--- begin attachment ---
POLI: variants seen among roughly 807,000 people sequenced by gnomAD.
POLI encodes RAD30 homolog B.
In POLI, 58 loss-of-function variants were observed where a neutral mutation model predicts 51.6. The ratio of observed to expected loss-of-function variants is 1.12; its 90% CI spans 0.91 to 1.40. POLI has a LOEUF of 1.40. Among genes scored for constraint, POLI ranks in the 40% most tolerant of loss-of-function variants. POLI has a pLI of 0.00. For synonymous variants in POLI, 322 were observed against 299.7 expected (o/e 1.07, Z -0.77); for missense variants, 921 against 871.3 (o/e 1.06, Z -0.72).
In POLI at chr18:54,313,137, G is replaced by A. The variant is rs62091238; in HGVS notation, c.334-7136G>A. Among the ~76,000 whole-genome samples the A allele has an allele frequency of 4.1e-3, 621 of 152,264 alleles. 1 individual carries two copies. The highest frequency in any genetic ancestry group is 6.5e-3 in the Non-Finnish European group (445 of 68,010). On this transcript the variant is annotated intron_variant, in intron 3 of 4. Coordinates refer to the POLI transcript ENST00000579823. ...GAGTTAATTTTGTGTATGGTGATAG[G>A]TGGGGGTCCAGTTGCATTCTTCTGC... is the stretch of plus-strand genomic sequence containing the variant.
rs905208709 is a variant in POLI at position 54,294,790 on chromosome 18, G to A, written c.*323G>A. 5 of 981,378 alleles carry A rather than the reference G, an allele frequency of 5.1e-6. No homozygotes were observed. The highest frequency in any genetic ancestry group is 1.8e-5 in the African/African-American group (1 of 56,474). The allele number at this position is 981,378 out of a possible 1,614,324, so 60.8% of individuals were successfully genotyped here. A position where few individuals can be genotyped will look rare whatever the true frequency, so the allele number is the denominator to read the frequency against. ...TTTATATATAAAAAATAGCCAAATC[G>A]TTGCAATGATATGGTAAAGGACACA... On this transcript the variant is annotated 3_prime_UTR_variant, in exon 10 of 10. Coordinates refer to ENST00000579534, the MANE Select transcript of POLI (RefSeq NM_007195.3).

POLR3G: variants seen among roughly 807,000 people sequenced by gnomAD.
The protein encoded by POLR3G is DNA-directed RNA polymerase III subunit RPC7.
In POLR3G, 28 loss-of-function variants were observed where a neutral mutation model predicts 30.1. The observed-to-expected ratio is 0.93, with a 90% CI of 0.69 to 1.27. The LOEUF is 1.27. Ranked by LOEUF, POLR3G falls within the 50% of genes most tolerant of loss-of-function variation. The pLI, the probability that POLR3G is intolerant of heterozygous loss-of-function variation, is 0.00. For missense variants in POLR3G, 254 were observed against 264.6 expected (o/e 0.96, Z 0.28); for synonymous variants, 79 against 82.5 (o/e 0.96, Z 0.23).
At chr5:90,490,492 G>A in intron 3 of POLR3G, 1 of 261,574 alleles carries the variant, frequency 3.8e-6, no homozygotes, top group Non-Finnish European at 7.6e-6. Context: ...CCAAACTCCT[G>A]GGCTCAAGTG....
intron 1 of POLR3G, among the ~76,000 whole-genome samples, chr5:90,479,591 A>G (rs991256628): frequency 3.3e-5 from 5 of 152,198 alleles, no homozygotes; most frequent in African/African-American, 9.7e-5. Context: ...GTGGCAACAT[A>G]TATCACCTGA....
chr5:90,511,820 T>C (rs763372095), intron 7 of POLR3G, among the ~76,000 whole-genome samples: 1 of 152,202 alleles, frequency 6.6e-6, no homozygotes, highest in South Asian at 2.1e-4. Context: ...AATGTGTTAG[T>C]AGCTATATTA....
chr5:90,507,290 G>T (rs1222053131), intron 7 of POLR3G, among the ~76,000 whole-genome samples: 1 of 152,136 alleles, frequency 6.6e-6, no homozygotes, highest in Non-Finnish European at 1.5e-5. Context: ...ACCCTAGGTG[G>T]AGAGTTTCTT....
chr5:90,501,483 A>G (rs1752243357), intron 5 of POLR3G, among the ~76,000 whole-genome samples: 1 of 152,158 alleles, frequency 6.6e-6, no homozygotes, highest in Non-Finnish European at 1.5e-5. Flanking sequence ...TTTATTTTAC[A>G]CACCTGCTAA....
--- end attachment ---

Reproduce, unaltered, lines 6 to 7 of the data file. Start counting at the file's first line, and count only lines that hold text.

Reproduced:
POLR3G: variants seen among roughly 807,000 people sequenced by gnomAD.
The protein encoded by POLR3G is DNA-directed RNA polymerase III subunit RPC7.